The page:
Isabelle Adjahi, vice president of IR and sustainable development at Lion Electric, the electric vehicle (EV) manufacturer, is no stranger to IR awards, having won multiple times with IR Magazine, including the prize for best IR officer at a small or mid-cap in 2022.
Adjahi added to her collection at this year’s CIRI annual conference in Toronto, receiving the CIRI Award for Excellence in Investor Relations, which is handed to individuals who have made an ‘outstanding contribution’ to the IR profession.
The award recognizes Adjahi’s 25-year IR career, spanning senior roles at Lion, WSP Global, Genviar and Axcan Pharma, during which time she has been consistently cited as a model of best practice.
‘I have grown up’
At the CIRI conference, Adjahi told IR Magazine she was ‘pleasantly surprised’ to receive the award for IR excellence. ‘I remember when I started in IR, 25 years ago, attending the conference, and some people were getting this award,’ she said. ‘And they looked so good to me and so out of reach. I feel I have grown up and now I’m one of them.’
Asked what she values most about the CIRI conference, Adjahi said it’s the connections you build with fellow IROs. ‘When you start in IR, you must attend the conference because that’s where you get all the information, all the new trends. It’s where you get to understand a lot of things,’ she said.
‘So it’s really about learning. Then, as you grow into the role, it’s about sharing, mentoring, being a speaker. But the best [thing is], it’s a network. You make friends. You connect with people, people you don’t know – you have an opportunity to connect with them and reach out to them.’
Copy your peers
New IROs should not be afraid to ‘copy’ their peers, added Adjahi. ‘I remember when I was working for my previous company, one of my CIRI counterparts was working for, supposedly, the competition,’ she said. ‘But we were connecting all the time and sharing. I don’t think any of us can succeed by being in our corners doing our own stuff. The network is huge in our profession.’
She also paid tribute to Yvette Lokker, CEO and president of CIRI, who is standing down after 10 years running the association. ‘Yvette is part of who we are, and she’s done a lot,’ Adjahi said. ‘So I’m sad to see her go [but] I’m really happy because that’s the best decision for her… I remember [IROs] were just people reading press releases when I started. And now we have a strategic role, and that’s thanks to organizations like CIRI.’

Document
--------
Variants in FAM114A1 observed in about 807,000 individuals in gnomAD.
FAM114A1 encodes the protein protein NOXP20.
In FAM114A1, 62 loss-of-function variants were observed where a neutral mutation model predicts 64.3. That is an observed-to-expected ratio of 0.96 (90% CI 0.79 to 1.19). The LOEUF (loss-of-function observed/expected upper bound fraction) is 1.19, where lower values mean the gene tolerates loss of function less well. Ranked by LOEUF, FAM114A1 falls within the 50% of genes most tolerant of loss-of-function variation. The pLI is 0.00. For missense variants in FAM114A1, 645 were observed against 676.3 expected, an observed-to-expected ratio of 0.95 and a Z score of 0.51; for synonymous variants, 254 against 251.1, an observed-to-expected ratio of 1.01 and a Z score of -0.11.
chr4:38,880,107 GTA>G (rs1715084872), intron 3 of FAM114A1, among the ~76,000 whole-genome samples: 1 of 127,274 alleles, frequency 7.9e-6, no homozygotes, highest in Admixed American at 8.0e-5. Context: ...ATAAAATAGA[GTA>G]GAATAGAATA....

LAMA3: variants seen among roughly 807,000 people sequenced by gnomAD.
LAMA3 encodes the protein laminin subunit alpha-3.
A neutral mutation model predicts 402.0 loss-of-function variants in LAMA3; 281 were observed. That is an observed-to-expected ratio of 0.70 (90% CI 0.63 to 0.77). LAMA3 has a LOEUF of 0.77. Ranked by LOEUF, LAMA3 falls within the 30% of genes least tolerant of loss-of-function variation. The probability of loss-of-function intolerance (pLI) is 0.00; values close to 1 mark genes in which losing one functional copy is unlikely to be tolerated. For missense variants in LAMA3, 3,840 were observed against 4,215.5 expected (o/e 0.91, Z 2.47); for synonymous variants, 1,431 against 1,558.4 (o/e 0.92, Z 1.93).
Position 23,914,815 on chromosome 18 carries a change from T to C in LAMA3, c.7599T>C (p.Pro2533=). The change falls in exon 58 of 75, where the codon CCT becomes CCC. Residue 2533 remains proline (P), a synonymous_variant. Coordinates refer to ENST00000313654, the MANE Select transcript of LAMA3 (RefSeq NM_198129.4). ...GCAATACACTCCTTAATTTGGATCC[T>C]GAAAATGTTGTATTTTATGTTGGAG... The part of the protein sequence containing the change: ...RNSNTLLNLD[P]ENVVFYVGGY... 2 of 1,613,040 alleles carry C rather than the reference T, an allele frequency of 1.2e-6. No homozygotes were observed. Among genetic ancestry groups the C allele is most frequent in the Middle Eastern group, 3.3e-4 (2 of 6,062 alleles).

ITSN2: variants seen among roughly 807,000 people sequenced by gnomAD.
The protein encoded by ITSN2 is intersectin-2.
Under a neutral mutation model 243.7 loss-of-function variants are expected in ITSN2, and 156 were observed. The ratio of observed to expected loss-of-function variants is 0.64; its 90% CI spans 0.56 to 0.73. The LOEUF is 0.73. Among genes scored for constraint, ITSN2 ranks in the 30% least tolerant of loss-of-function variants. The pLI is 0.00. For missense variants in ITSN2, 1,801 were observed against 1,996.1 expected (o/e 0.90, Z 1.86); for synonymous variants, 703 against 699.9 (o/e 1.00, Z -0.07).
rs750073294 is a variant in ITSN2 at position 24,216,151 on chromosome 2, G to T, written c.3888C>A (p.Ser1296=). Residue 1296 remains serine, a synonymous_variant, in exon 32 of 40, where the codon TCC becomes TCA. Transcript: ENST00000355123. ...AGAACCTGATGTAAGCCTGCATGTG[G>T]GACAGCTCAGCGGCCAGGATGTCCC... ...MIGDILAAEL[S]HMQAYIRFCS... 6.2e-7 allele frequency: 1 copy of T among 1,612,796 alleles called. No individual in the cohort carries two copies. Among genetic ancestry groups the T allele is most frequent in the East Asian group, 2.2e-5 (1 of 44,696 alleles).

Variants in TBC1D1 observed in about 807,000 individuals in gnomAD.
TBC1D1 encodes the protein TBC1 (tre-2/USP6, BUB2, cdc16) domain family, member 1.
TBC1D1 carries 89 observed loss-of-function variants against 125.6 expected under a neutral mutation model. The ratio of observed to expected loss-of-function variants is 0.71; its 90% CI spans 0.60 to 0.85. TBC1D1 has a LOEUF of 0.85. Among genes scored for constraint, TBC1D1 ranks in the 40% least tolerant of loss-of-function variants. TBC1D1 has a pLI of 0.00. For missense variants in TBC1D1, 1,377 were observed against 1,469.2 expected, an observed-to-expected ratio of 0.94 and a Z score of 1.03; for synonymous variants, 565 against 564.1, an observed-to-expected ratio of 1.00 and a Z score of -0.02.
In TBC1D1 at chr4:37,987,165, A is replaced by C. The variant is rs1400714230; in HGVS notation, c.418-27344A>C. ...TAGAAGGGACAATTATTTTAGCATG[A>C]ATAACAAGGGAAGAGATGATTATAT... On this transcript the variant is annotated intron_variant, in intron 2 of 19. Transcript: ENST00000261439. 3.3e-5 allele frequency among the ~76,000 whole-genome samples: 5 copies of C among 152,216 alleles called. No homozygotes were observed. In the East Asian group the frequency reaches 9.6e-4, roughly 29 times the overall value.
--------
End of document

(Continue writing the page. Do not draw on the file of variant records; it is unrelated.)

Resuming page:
At this year’s CIRI conference, hot topics of discussion included ESG reporting, retail investors, avoiding burnout and artificial intelligence (AI). Adjahi described AI as ‘the buzzword this year’ and an area she is keen to learn more about.
Working with AI
‘How is it going to benefit us? Or should we be afraid of it?’ she asked. ‘I don’t think we should, actually. I think that, especially when you have a very small team, which I do now – there’s just two of us – it’s an addition to the team. I spend so much time doing the first draft, or trying to figure something out. But you can just ask the machine, and then put your strategic touch to it. So I don’t think we should [feel] threatened. And there is one thing the machine cannot replace: the relations part of investor relations.’
While AI holds great promise for IR, Adjahi’s more immediate concern is staying close to investors and analysts amid a tough period for EV companies, with the sector experiencing a major sell-off over the last two years. It’s at times like this, she said, that good IR really shows its worth.
‘I remember the very first [IR award] I got was when I was at a company called Axcan Pharma, and everything had gone bad: the numbers, the CEO retired, we missed a clinical study,’ she said. ‘But that’s the year I got the award. And for me, that’s exactly what investor relations should be. If it’s not going well, that’s when you need to be out there. That’s when you go to the Street to explain your plan of how you’re going to mitigate what’s happening.’